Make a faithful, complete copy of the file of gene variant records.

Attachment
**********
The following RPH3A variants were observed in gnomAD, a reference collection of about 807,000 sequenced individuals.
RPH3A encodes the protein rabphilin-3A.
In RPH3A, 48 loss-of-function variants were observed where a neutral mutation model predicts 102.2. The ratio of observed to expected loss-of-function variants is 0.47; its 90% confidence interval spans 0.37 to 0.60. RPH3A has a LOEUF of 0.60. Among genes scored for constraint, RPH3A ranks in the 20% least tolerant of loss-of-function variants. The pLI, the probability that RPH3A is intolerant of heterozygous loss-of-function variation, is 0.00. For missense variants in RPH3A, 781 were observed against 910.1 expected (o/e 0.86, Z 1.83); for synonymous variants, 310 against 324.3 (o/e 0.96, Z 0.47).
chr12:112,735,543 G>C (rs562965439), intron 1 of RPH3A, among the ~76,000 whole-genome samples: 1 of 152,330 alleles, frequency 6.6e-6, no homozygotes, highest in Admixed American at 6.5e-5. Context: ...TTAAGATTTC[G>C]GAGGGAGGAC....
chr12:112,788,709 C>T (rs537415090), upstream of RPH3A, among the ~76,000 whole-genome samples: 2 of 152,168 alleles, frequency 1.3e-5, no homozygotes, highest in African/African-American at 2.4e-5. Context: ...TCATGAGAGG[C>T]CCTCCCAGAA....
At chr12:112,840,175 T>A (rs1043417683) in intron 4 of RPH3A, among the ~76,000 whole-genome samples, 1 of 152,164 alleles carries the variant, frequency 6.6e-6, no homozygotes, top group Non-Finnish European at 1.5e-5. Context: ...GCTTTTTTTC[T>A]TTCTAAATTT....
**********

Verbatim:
The following RPH3A variants were observed in gnomAD, a reference collection of about 807,000 sequenced individuals.
RPH3A encodes the protein rabphilin-3A.
In RPH3A, 48 loss-of-function variants were observed where a neutral mutation model predicts 102.2. The ratio of observed to expected loss-of-function variants is 0.47; its 90% confidence interval spans 0.37 to 0.60. RPH3A has a LOEUF of 0.60. Among genes scored for constraint, RPH3A ranks in the 20% least tolerant of loss-of-function variants. The pLI, the probability that RPH3A is intolerant of heterozygous loss-of-function variation, is 0.00. For missense variants in RPH3A, 781 were observed against 910.1 expected (o/e 0.86, Z 1.83); for synonymous variants, 310 against 324.3 (o/e 0.96, Z 0.47).
chr12:112,735,543 G>C (rs562965439), intron 1 of RPH3A, among the ~76,000 whole-genome samples: 1 of 152,330 alleles, frequency 6.6e-6, no homozygotes, highest in Admixed American at 6.5e-5. Context: ...TTAAGATTTC[G>C]GAGGGAGGAC....
chr12:112,788,709 C>T (rs537415090), upstream of RPH3A, among the ~76,000 whole-genome samples: 2 of 152,168 alleles, frequency 1.3e-5, no homozygotes, highest in African/African-American at 2.4e-5. Context: ...TCATGAGAGG[C>T]CCTCCCAGAA....
At chr12:112,840,175 T>A (rs1043417683) in intron 4 of RPH3A, among the ~76,000 whole-genome samples, 1 of 152,164 alleles carries the variant, frequency 6.6e-6, no homozygotes, top group Non-Finnish European at 1.5e-5. Context: ...GCTTTTTTTC[T>A]TTCTAAATTT....